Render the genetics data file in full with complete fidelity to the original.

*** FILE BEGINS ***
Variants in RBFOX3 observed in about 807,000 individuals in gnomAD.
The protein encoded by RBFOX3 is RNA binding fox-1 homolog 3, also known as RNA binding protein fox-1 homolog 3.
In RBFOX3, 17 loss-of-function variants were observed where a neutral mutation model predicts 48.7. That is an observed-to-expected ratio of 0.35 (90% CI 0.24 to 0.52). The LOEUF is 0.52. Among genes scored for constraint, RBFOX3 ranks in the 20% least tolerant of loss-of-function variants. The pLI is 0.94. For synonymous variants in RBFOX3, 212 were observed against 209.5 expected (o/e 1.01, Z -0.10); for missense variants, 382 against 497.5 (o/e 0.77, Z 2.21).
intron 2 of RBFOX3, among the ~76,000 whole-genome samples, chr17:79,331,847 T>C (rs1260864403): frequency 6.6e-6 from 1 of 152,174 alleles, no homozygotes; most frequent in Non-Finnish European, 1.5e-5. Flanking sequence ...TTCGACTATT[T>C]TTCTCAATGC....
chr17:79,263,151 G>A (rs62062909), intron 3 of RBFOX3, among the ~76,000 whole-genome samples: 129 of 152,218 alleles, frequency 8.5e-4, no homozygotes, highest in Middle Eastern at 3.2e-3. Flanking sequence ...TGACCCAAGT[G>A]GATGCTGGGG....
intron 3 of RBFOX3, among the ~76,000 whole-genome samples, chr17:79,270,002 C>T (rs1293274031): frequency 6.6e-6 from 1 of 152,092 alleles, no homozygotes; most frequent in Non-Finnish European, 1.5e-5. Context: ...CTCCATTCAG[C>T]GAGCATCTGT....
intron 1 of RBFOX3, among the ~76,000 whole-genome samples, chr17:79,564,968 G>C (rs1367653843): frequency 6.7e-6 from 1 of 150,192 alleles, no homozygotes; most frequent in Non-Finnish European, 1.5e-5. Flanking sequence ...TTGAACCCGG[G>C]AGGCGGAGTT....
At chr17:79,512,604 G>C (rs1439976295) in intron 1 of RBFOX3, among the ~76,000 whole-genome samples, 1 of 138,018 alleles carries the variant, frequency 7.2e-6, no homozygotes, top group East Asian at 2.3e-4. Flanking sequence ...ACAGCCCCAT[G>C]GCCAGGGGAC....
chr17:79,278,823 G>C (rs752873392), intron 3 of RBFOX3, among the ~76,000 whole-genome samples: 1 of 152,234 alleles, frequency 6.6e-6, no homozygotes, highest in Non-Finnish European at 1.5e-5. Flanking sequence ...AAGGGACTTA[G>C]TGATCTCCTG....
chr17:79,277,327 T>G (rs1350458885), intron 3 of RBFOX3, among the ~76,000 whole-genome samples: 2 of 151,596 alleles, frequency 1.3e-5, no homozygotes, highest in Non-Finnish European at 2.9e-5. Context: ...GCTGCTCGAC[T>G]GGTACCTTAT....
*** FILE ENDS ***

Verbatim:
Variants in RBFOX3 observed in about 807,000 individuals in gnomAD.
The protein encoded by RBFOX3 is RNA binding fox-1 homolog 3, also known as RNA binding protein fox-1 homolog 3.
In RBFOX3, 17 loss-of-function variants were observed where a neutral mutation model predicts 48.7. That is an observed-to-expected ratio of 0.35 (90% CI 0.24 to 0.52). The LOEUF is 0.52. Among genes scored for constraint, RBFOX3 ranks in the 20% least tolerant of loss-of-function variants. The pLI is 0.94. For synonymous variants in RBFOX3, 212 were observed against 209.5 expected (o/e 1.01, Z -0.10); for missense variants, 382 against 497.5 (o/e 0.77, Z 2.21).
intron 2 of RBFOX3, among the ~76,000 whole-genome samples, chr17:79,331,847 T>C (rs1260864403): frequency 6.6e-6 from 1 of 152,174 alleles, no homozygotes; most frequent in Non-Finnish European, 1.5e-5. Flanking sequence ...TTCGACTATT[T>C]TTCTCAATGC....
chr17:79,263,151 G>A (rs62062909), intron 3 of RBFOX3, among the ~76,000 whole-genome samples: 129 of 152,218 alleles, frequency 8.5e-4, no homozygotes, highest in Middle Eastern at 3.2e-3. Flanking sequence ...TGACCCAAGT[G>A]GATGCTGGGG....
intron 3 of RBFOX3, among the ~76,000 whole-genome samples, chr17:79,270,002 C>T (rs1293274031): frequency 6.6e-6 from 1 of 152,092 alleles, no homozygotes; most frequent in Non-Finnish European, 1.5e-5. Context: ...CTCCATTCAG[C>T]GAGCATCTGT....
intron 1 of RBFOX3, among the ~76,000 whole-genome samples, chr17:79,564,968 G>C (rs1367653843): frequency 6.7e-6 from 1 of 150,192 alleles, no homozygotes; most frequent in Non-Finnish European, 1.5e-5. Flanking sequence ...TTGAACCCGG[G>C]AGGCGGAGTT....
At chr17:79,512,604 G>C (rs1439976295) in intron 1 of RBFOX3, among the ~76,000 whole-genome samples, 1 of 138,018 alleles carries the variant, frequency 7.2e-6, no homozygotes, top group East Asian at 2.3e-4. Flanking sequence ...ACAGCCCCAT[G>C]GCCAGGGGAC....
chr17:79,278,823 G>C (rs752873392), intron 3 of RBFOX3, among the ~76,000 whole-genome samples: 1 of 152,234 alleles, frequency 6.6e-6, no homozygotes, highest in Non-Finnish European at 1.5e-5. Flanking sequence ...AAGGGACTTA[G>C]TGATCTCCTG....
chr17:79,277,327 T>G (rs1350458885), intron 3 of RBFOX3, among the ~76,000 whole-genome samples: 2 of 151,596 alleles, frequency 1.3e-5, no homozygotes, highest in Non-Finnish European at 2.9e-5. Context: ...GCTGCTCGAC[T>G]GGTACCTTAT....